Who could have ever guessed that I would get turned on by machines? Not for their own sake of course, but to manipulate traditional foods in new ways. I had this idea the other day: what would happen if you took lacto-fermented pickles, shaved them thin and put them in a dehydrator? Then crush them up into a powder to use as seasoning. It is delicious beyond all expectations. This is two of my cucumber pickles made in late July, super sour, no garlic a little chili. They yielded about a tablespoon of this funky dust. It's intriguing, not overly salty, but sour, spicy, slightly sweet. My first instinct would be to put it on a mango, but sprinkled on a burger would be a little more conventional. There's also a batch of bright yellow fermented sweet corn dehydrated that is even more intriguing, very sweet, sour and salty. Again, I'm thinking relish, but even just a pinch on a salad, sandwich, or maybe in the batter for fried chicken. Next experiment is beets, okra, radish - just what I happen to have around. Any other ideas?
Food Historian at the University of the Pacific.
Author of Eating Right in the Renaissance, Food in Early Modern Europe, Cooking in Europe 1250-1650, The Banquet, Beans (2008 IACP Jane Grigson Award) and Pancake.THE LOST ART OF REAL COOKING with Rosanna Nafziger.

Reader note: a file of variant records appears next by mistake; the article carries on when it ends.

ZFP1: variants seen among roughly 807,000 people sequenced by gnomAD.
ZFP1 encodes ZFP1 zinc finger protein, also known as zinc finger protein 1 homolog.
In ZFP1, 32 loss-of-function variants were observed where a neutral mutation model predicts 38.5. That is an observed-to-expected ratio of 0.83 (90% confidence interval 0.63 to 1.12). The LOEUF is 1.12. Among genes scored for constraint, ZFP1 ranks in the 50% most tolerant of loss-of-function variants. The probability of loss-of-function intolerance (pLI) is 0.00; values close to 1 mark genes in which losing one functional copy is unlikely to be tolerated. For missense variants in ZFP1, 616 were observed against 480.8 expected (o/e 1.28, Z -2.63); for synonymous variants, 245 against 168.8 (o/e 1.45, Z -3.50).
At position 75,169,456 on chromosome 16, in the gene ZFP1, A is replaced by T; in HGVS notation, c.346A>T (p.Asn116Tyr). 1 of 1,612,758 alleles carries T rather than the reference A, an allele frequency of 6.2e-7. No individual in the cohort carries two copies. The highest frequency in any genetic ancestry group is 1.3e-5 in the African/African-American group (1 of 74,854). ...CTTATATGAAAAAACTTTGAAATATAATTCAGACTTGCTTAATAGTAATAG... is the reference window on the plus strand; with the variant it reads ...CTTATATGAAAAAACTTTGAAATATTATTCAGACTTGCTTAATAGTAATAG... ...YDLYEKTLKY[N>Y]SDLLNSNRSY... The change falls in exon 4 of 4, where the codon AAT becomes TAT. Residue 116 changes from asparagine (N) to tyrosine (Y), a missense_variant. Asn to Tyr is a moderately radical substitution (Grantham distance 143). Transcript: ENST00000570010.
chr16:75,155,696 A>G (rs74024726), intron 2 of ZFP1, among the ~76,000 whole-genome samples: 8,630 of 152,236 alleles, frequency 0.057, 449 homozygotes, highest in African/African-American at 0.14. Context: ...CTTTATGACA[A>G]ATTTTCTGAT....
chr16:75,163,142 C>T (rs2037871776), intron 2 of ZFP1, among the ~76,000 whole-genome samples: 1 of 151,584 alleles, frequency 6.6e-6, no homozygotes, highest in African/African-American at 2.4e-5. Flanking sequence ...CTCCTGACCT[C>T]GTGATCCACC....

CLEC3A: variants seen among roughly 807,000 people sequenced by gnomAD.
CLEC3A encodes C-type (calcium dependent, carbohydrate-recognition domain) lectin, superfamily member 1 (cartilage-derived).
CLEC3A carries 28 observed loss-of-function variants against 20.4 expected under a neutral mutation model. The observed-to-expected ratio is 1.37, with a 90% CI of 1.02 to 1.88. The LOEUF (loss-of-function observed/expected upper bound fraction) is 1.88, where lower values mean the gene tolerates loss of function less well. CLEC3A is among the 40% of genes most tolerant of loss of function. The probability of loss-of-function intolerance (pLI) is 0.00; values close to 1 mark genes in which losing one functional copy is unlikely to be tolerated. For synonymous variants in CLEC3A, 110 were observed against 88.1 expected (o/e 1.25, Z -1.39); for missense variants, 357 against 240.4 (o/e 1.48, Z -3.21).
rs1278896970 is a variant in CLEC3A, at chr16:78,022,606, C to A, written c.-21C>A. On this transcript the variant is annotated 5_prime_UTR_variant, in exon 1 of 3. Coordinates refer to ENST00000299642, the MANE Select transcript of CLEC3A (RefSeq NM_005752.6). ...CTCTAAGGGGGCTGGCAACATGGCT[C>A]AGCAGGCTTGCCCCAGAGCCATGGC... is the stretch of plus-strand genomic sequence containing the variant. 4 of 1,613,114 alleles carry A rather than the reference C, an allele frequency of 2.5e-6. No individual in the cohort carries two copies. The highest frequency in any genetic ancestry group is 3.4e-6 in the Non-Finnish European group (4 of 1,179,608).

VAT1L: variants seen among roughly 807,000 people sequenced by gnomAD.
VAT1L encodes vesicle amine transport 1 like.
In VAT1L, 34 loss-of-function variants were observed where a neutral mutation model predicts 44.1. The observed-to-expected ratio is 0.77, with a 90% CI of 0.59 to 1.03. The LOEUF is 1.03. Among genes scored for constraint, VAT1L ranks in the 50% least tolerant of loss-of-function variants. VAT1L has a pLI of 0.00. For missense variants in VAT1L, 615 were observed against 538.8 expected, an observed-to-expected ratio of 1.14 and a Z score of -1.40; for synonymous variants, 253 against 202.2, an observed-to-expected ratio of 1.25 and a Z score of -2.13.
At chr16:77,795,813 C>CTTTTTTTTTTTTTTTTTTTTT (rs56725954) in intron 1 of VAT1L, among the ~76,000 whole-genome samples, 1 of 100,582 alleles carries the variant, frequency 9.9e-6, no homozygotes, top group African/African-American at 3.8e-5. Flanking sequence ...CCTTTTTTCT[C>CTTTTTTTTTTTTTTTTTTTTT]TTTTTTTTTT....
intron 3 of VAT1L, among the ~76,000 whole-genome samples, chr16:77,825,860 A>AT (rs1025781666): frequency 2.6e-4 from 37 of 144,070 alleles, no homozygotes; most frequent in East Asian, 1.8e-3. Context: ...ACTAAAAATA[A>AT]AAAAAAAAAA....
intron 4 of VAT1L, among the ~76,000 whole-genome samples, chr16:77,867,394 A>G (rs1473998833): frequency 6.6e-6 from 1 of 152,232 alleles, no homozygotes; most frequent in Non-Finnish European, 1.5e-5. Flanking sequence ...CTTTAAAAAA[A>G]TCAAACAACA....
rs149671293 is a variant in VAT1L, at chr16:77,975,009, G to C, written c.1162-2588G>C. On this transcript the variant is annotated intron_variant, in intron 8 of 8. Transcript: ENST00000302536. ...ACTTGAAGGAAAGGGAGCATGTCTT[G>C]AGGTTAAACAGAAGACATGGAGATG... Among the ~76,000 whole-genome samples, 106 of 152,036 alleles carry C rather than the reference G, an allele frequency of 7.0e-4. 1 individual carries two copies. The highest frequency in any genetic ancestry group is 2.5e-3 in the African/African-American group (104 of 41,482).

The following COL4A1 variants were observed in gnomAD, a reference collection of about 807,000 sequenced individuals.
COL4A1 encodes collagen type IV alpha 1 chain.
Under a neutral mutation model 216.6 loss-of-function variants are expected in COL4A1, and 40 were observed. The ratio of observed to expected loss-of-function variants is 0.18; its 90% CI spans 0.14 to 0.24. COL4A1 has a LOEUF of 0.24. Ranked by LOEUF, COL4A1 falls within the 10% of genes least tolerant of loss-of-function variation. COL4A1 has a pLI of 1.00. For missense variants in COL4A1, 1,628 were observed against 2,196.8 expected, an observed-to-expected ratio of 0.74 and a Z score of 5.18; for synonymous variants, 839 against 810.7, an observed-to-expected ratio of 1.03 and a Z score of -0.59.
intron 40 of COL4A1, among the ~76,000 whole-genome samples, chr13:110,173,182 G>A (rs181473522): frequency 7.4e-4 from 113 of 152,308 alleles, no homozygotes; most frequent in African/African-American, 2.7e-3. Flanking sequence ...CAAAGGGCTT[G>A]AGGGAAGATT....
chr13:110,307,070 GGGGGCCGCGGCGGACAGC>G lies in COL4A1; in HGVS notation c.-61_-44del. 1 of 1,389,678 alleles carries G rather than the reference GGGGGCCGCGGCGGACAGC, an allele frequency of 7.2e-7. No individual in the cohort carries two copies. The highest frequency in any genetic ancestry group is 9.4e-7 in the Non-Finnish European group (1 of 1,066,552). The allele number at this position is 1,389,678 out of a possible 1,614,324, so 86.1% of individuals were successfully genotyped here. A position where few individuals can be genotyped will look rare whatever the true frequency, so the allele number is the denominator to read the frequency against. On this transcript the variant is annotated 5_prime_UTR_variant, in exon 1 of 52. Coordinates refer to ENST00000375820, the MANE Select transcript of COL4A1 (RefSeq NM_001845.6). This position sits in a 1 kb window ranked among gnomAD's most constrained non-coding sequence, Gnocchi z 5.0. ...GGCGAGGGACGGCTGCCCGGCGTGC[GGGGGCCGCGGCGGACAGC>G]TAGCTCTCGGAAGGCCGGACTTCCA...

Coeditor of Food and Faith; Editor of A Cultural History of Food: The Renaissance.
Food Cultures of the World Encyclopedia (4 vols.) Three World Cuisines: Italian, Mexican and Chinese won the Gourmand World Cookbook Awards Best Foreign Cuisine book in the World. The Routledge International Handbook to Food Studies.
THE LOST ARTS OF HEARTH AND HOME with Rosanna Nafziger.
Grow Food, Cook Food, Share Food, a little book on Nuts and The Food History Reader. The Most Excellent Book of Cookery (translation of a 16th c. French Cookbook with Tim Tomasik). The Sage Encyclopedia of Food Issues Encyclopedia. At the Table.
Most recently: Noodle Soup. Forthcoming: Gelatin Past and Future.